Tuesday, 24 May 2016
Eased symptoms, healed colons in 1 in 4 patients
Related MedlinePlus Page: Ulcerative Colitis via MedlinePlus Health News Read More Here..
In study, just 1 in 20 terminally ill people understood their prognosis, researchers say
Related MedlinePlus Page: Cancer via MedlinePlus Health News Read More Here..
It also offers short-term protection to vulnerable newborns, researchers say
Related MedlinePlus Pages: Pregnancy, Tetanus, Diphtheria, and Pertussis Vaccines, Whooping Cough via MedlinePlus Health News Read More Here..
'Black salve' made FDA's fake cancer cures list
Related MedlinePlus Page: Skin Cancer via MedlinePlus Health News Read More Here..
Children's health needs are increasingly complex, requiring more time and expert care
Related MedlinePlus Page: School Health via MedlinePlus Health News Read More Here..
Two-thirds said they would've liked more advice on preserving ability to have children, study shows
Related MedlinePlus Pages: Cancer, Women's Health via MedlinePlus Health News Read More Here..
|Avoidable deaths, mistreatment and delays found
Related items from OnMedica
Thousands of people dying without dignity
NHS failing to answer patients’ questions, warns Ombudsman
Deaths and avoidable harm not properly investigated in hospitals
GP complaints system ‘must improve’
Poor communication tops complaints list again
|Up to 35% of soldiers given Lariam experienced side-effects
Related items from OnMedica
Warn patients that natural malaria immunity fades
More imported malaria infection reported in the UK
UK sets up £1bn fund to fight malaria
|Watchdog launches new five year strategy
Related items from OnMedica
CQC regime is ‘damaging’ patient care, says survey
CQC inspection fees set to rise
CQC slams troubled mental health trust
Two-fifths of adult social care in the south is below par
Poor CQC ratings linked to poor practice funding
Monday, 23 May 2016
Dr Chan celebrated recent progress in global public health, particularly in combatting HIV, tuberculosis, malaria and polio, as well as in improving maternal and child health. via WHO news Read More Here..
"Low-fat diet bad for your health and cutting back on meat, dairy and eggs a disastrous mistake," the Daily Mirror reports.
That is the main message of a controversial report attacking official UK guidelines on diet and weight loss.
The report suggests it doesn't matter how much saturated fat we eat, and doesn't recommend counting calories.
Critics have pointed out there were no agreed criteria about what evidence would be considered in the report, leading it open to accusations of cherry-picking.
This means the report's author(s) may have promoted evidence supporting their argument while ignoring evidence they saw as unhelpful.
Dr Mike Knapton, associate medical director at the British Heart Foundation (BHF), said: "This report is full of ideas and opinion.
"However, it does not offer the robust and comprehensive review of evidence that would be required for the BHF, as the UK's largest heart research charity, to take it seriously."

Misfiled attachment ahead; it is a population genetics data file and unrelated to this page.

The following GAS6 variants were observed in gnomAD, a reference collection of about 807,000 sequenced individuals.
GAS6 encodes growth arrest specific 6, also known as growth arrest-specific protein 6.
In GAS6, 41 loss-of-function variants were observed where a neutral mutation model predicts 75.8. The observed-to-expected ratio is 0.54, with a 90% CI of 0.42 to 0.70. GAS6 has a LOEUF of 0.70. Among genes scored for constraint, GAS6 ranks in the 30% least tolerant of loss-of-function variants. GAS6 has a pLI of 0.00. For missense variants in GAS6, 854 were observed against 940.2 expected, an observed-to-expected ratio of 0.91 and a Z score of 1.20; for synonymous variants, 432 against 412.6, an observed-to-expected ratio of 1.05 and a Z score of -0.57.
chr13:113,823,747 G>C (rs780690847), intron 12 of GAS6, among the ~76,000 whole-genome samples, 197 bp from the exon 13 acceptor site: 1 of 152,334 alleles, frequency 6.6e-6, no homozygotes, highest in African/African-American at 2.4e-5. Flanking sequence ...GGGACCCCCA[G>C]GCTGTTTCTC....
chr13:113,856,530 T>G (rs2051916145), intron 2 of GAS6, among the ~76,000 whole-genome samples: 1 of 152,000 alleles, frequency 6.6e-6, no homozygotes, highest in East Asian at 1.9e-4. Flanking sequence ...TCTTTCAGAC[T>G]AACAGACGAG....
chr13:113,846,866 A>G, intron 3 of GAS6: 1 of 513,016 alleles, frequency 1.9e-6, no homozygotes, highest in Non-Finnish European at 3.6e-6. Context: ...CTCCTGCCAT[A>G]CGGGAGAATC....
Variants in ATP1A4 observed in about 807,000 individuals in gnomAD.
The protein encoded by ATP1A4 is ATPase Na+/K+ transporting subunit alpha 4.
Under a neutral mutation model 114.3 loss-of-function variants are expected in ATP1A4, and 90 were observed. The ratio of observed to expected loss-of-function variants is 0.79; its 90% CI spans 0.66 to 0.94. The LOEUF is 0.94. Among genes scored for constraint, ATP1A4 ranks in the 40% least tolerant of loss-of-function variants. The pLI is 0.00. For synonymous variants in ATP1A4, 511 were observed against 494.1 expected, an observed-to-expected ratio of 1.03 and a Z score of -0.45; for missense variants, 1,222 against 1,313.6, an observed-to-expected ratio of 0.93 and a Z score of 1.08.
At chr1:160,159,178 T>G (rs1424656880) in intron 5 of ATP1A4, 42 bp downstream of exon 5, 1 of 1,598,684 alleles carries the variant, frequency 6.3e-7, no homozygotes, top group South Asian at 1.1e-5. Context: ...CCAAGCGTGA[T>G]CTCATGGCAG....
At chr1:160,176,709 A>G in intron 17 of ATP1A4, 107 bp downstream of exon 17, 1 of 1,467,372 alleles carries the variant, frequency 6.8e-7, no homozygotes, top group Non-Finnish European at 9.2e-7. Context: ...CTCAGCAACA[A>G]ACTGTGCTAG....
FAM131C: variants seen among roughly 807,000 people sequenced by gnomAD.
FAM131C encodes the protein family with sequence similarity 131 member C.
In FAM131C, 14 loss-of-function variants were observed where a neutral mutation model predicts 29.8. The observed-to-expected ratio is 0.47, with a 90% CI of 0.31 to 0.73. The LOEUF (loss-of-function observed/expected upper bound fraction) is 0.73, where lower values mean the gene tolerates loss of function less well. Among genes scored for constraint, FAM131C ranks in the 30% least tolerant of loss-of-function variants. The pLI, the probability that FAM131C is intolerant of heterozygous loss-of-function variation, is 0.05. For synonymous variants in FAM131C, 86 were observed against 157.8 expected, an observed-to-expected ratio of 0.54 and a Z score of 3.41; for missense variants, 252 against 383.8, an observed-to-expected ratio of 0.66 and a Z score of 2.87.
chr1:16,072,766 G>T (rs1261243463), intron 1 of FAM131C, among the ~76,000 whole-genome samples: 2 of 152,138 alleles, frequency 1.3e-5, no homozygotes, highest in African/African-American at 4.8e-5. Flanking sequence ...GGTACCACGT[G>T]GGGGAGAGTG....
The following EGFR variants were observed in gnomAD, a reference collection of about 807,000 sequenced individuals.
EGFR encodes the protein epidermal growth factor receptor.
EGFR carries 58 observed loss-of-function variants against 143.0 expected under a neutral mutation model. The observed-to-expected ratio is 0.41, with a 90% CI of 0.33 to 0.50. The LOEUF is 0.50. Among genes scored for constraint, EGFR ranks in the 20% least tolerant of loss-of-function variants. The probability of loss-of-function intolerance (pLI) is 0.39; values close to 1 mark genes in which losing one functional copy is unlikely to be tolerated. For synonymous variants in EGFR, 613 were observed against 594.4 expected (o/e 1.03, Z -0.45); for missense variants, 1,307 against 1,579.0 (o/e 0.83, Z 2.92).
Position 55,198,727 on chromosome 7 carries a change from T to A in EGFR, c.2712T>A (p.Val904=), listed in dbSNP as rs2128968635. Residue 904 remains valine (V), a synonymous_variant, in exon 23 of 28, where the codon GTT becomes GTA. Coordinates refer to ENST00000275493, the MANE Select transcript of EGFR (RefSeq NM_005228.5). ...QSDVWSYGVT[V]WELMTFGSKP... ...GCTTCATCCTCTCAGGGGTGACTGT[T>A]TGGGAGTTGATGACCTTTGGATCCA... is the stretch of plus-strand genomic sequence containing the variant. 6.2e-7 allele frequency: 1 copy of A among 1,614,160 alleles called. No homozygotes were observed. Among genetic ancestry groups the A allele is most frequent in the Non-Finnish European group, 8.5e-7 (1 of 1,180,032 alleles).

Who produced the report?
The report was published by the Public Health Collaboration, a not-for-profit organisation described as being dedicated to informing the public and implementing healthy decisions.
The report is said to follow decades of work and experience that founding and advisory board members have gathered through working with thousands of patients to improve their health.
The listed advisory board members are named health professionals, including dietitians, GPs, a cardiologist, a diabetes specialist and a psychiatrist. They also list a number of patrons.
It is unclear where Public Health Collaboration's funding comes from or, for that matter, who actually wrote the report.
No author or authors are named, and it does not appear to have been peer-reviewed by independent experts.
The aim of the report is said to be to raise concerns about the government's current recommendations about healthy eating and weight loss, and also provide new evidence-based solutions to help people obtain healthy lifestyles and improve public health.
What does the report say?
The report states the current prevalence of obesity in the UK is 25%, costing the economy £47 billion a year.
It summarises the recommendations of the current Eatwell Guide for healthy eating, saying it has three main concerns with this guidance:
- the avoidance of foods because of their saturated fat content
- the dietary reference value of no more than 35% total fat
- the quality and quantity of carbohydrates
The researchers say current recommendations given on NHS Choices are to opt for low-fat dairy options, as high saturated fat can increase the risk of heart disease.
They highlight a large US cohort study from 2010 that concluded saturated fat intake was not associated with risk of cardiovascular disease.
They quote several other observational studies that supported the notion that high-fat dairy was not linked to obesity or cardiovascular and diabetes risk.
This includes 2014 research from the University of Cambridge, saying current evidence does not support the recommendations to eat high polyunsaturated fats and low saturated fats.
The researchers say: "In retrospect, there was never any strong evidence to recommend reducing total and saturated fat consumption, and in the 30 years since, the deteriorating health of the UK population suggests such advice may have been a dire mistake, however well intentioned."
They consider that if people had been opting for foods in the natural form, rather than manufactured low-fat foods, we wouldn't have the obesity problem we do today.
The Public Health Collaboration concludes the UK should stop recommending the avoidance of high saturated fat foods and focus on consuming food in its natural form – however much saturated fat it contains.
No more than 35% total fat